After all, China’s entire network–from the bonds to the land, rights of way, railway factories, stations, infrastructure and associated development–is owned in common and operated, purportedly, for the common good. Nor are there the unexpected cost overruns so common in such projects.
The network costs forty percent less than Europe’s thanks to automated installation of mass-produced, unballasted rail sections, pylons and bridges ordered by the meter, trainsets ordered by the score and equipment like the Bridge Girder Erector laying 300 ft. Planning, production and assembly are tightly integrated, eliminating costly downtime.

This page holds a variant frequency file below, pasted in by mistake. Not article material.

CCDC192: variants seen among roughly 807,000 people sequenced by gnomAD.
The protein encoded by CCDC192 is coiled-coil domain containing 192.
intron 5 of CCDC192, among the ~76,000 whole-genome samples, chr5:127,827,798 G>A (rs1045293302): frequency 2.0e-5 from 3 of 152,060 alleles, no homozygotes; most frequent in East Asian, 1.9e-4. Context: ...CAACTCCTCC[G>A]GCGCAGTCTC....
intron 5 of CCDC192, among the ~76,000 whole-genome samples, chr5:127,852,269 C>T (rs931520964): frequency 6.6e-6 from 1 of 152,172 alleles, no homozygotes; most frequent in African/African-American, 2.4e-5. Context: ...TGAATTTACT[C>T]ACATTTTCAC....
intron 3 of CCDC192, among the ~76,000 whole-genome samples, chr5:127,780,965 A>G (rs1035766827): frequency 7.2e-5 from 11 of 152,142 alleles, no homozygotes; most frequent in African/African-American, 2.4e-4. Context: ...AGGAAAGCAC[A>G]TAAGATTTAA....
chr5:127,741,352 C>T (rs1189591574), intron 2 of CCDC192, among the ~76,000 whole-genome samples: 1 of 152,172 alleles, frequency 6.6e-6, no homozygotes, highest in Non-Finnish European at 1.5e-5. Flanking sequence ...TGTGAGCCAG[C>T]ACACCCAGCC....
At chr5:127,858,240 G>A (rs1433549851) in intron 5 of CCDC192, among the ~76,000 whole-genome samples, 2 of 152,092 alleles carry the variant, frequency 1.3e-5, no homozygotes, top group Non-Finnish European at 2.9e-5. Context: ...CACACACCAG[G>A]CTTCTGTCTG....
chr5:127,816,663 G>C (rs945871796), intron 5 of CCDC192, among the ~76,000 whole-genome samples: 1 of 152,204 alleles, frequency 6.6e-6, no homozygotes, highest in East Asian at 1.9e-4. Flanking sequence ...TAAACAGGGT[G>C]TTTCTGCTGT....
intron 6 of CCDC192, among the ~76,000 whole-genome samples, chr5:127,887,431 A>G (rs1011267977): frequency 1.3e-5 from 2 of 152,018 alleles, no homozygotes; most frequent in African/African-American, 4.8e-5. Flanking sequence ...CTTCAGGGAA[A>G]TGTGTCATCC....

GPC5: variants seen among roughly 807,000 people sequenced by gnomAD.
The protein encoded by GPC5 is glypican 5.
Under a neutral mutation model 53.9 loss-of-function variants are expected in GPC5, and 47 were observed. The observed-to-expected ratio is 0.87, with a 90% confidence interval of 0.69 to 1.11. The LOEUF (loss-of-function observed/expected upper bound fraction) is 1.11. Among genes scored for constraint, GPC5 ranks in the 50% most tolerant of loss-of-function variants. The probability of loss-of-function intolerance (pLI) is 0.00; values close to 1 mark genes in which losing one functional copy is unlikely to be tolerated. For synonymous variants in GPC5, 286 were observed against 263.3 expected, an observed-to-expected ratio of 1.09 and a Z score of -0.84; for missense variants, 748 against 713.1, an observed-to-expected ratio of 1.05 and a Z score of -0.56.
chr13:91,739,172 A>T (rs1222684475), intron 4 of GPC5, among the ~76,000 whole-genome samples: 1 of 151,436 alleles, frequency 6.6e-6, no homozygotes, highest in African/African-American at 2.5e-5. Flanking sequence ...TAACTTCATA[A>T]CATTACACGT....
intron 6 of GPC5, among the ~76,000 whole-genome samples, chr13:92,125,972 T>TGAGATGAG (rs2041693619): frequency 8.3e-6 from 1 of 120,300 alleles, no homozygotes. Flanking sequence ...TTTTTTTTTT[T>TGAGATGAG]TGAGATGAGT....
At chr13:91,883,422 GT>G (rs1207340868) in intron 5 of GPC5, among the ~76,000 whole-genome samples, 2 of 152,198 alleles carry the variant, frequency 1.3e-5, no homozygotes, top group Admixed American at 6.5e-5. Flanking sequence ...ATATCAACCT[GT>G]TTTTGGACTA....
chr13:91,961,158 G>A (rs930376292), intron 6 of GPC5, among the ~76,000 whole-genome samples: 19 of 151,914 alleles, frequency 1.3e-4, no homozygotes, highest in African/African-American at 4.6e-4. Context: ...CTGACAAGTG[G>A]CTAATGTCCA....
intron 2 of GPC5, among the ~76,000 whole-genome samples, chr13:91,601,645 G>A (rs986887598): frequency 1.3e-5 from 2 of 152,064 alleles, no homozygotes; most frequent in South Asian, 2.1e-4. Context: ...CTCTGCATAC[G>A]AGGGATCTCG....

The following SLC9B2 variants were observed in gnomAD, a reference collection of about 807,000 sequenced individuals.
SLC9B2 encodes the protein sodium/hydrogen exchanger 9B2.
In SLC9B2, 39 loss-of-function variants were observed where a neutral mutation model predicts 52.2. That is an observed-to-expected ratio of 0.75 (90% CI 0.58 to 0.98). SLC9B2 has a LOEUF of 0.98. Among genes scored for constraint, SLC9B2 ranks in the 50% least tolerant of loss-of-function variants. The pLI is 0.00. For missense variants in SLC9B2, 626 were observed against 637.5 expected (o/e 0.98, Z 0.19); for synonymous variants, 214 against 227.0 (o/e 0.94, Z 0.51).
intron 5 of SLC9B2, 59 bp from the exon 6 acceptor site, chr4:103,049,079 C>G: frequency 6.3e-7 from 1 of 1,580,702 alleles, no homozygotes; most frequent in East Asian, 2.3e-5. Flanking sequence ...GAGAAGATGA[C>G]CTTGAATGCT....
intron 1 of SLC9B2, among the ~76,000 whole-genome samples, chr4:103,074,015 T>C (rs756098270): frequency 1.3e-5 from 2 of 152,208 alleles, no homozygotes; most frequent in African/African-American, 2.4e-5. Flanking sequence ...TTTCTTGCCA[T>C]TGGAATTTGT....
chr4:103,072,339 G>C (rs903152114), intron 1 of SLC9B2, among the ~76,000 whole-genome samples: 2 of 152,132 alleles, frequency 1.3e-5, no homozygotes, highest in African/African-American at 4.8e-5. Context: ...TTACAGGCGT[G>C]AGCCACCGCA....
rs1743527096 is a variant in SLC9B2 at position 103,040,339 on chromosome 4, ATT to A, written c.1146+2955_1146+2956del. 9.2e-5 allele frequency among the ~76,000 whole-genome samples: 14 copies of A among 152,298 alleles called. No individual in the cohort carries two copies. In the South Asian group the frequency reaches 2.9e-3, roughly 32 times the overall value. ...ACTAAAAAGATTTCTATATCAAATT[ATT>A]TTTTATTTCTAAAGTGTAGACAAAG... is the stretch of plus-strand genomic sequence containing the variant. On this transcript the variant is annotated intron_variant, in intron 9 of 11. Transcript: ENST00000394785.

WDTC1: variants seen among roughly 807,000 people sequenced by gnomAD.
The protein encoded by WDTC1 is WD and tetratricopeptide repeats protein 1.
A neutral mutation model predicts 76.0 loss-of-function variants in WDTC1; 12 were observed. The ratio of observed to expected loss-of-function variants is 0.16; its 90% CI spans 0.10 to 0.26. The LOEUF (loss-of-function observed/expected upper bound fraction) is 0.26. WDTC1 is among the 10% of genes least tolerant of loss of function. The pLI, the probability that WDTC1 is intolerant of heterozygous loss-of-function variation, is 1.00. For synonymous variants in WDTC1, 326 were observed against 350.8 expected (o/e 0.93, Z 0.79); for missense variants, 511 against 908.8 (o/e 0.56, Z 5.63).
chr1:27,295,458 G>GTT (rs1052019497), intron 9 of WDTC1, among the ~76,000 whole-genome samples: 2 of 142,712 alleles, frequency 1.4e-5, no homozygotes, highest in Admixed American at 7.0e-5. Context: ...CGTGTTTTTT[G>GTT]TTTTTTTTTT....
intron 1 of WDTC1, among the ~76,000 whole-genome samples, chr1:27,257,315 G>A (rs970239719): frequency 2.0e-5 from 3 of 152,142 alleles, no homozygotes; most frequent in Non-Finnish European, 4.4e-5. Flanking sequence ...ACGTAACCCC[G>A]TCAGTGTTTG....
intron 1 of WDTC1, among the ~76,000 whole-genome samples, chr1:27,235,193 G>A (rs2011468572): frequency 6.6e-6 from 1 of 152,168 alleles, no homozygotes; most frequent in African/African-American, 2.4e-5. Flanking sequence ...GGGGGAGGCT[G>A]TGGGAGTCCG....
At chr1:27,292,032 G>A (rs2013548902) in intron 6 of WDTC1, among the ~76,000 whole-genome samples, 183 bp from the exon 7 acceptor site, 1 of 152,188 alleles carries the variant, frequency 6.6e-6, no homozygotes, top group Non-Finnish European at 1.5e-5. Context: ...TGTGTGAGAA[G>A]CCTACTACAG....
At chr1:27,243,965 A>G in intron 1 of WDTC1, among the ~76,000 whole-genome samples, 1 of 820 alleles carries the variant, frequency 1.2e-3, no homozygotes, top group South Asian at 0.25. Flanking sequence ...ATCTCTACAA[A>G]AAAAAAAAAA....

Mao set the example and grew GDP by 6.2 percent annually for twenty-five years without incurring a penny of debt, a feat probably unmatched in history.
Compared to automobiles and aircraft, which which rely on imported petroleum, HSR uses far less energy and draws power from more diverse energy sources, including renewables.
This cuts billions from China’s energy import bills and, since it now owns all the HSR intellectual property rights, boosts rail export revenues–a virtuous circle if ever there was one.
A predictable percentage of the initial investment returns in the form of increased income and sales taxes rippling out from factories and construction sites, a portion of which is allocated to paying down the loans.
By now, planners know that every million (100 million RMB, PPP) they invest in metro projects permanently lifts a city’s GDP by million and creates 8,000 jobs.